As links to MS deepen, researchers accelerate efforts to develop an Epstein-Barr vaccine

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Maybe you've never heard of the Epstein-Barr virus. But it knows all about you.

Chances are, it's living inside you right now. About 95% of American adults are infected sometime in their lives. And once infected, the virus stays with you.

Most viruses, such as influenza, just come and go. A healthy immune system attacks them, kills them, and prevents them from sickening you again. Epstein-Barr and its cousins, including the viruses that cause chickenpox and herpes, can hibernate inside your cells for decades.

This viral family has "evolved with us for millions of years," said Blossom Damania, a virologist at the University of North Carolina-Chapel Hill. "They know all your body's secrets."

Although childhood Epstein-Barr infections are typically mild, exposure in teens and young adults can lead to infectious mononucleosis, a weekslong illness that sickens 125,000 Americans a year, causing sore throats, swollen glands and extreme fatigue. And while Epstein-Barr spends most of its time sleeping, it can reawaken during times of stress or when the immune system is off its game. Those reactivations are linked to a long list of serious health conditions, including several types of cancer and .

Scientists have spent years trying to develop vaccines against Epstein-Barr, or EBV. But recently several leaps in have provided more urgency to the quest—and more hope for success. In just the past year, two experimental efforts have made it to .

What's changed?

First, the Epstein-Barr virus has been shown to present an even greater threat. New research firmly links it to multiple sclerosis, or MS, a potentially disabling chronic disease that afflicts more than 900,000 Americans and 2.8 million people worldwide.

The journal Science in January published results from a landmark 20-year study of 10 million that offers the strongest evidence yet that Epstein-Barr can trigger MS. The new study found that people infected with Epstein-Barr are 32 times as likely as people not infected to develop MS.

And shedding new light on the mechanisms that could explain that correlation, a separate group of scientists published a study in Nature describing how the virus can cause an autoimmune reaction that leads to MS. The disease, which usually strikes between ages 20 and 40, disrupts communication between the brain and other parts of the body and is often marked by recurring episodes of extreme fatigue, blurred vision, muscle weakness and difficulty with balance and coordination. At its worst, MS can lead to impaired speech and paralysis.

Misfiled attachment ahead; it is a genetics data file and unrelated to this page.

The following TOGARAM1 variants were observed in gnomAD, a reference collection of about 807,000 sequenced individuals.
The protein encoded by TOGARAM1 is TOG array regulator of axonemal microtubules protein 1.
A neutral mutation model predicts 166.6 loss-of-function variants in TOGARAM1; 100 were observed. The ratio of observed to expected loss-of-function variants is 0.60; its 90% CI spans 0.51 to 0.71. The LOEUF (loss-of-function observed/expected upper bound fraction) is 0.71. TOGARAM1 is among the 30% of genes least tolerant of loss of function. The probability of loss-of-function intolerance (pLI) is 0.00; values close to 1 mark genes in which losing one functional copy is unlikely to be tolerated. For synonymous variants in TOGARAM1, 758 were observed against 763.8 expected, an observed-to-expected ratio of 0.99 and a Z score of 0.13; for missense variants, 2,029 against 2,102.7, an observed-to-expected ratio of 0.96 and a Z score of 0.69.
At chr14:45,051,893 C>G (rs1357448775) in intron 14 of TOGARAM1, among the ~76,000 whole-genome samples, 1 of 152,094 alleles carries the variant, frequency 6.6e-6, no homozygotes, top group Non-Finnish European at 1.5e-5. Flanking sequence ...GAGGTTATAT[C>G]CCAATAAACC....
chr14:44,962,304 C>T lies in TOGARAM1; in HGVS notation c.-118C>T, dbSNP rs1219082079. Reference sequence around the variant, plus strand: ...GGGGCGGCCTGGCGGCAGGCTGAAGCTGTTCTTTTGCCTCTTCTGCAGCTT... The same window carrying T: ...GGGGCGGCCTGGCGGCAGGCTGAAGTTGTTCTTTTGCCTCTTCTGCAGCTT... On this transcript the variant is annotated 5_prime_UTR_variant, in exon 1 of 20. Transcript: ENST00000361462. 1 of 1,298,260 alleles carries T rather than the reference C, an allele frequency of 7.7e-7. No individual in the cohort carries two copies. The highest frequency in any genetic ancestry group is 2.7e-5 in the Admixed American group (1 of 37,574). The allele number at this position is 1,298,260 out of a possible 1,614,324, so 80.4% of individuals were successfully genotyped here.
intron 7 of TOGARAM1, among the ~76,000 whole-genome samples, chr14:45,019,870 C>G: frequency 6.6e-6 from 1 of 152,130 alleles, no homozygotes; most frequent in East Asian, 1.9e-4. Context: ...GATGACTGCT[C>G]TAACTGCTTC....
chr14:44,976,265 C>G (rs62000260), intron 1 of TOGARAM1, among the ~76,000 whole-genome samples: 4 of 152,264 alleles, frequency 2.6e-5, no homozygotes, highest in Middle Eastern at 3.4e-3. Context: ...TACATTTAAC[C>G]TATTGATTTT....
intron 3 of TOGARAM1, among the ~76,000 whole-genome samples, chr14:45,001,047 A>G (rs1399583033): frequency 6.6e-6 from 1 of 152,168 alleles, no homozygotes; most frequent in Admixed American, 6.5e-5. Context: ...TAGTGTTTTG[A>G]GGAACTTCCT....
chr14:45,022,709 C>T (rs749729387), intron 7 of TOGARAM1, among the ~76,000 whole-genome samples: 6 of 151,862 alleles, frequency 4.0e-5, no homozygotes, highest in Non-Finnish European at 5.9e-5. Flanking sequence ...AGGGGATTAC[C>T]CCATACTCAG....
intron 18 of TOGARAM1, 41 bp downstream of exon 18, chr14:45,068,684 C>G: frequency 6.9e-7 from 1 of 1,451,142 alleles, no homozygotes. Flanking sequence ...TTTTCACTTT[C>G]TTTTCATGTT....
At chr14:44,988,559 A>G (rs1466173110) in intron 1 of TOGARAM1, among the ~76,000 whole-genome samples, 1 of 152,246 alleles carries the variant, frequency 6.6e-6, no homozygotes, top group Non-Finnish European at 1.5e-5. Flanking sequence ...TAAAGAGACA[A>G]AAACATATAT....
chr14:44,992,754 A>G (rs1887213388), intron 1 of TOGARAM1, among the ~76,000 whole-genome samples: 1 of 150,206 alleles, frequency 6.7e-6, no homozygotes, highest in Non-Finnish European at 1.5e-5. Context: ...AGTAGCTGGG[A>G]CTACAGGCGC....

Amplifying that newfound urgency, several new studies suggest that reactivation of the Epstein-Barr virus also is involved with some cases of long COVID, a little-understood condition in which patients experience lingering symptoms that often resemble mononucleosis.

And just as crucial to the momentum: Advances in vaccine science spurred by the pandemic, including the mRNA technology used in some COVID-19 vaccines, could accelerate development of other vaccines, including ones against Epstein-Barr, said Dr. Peter Hotez, dean of the National School of Tropical Medicine at Baylor College of Medicine. Hotez co-created a low-cost, patent-free COVID-19 vaccine called Corbevax.

Some researchers question the need for a vaccine that targets a disease like MS that, while debilitating, remains relatively rare.

Eliminating Epstein-Barr would require vaccinating all healthy children even though their risk of developing cancer or multiple sclerosis is small, said Dr. Ralph Horwitz, a professor at the Lewis Katz School of Medicine at Temple University.

Before exposing children to the potential risks of a new vaccine, he said, scientists need to answer basic questions about MS. For example, why does a virus that affects nearly everyone cause disease in a small fraction? And what roles do stress and other environmental conditions play in that equation?

The answer appears to be that Epstein-Barr is "necessary but not sufficient" to cause disease, said immunologist Bruce Bebo, executive vice president for research at the National MS Society, adding that the virus "may be the first in a string of dominoes."

Hotez said researchers could continue to probe the mysteries surrounding Epstein-Barr and MS even as the vaccine efforts proceed. Further study is required to understand which populations might benefit most from a vaccine, and once more is known, Hotez said, such a vaccine possibly could be used in patients found to be at highest risk, such as organ transplant recipients, rather than administered universally to all young people.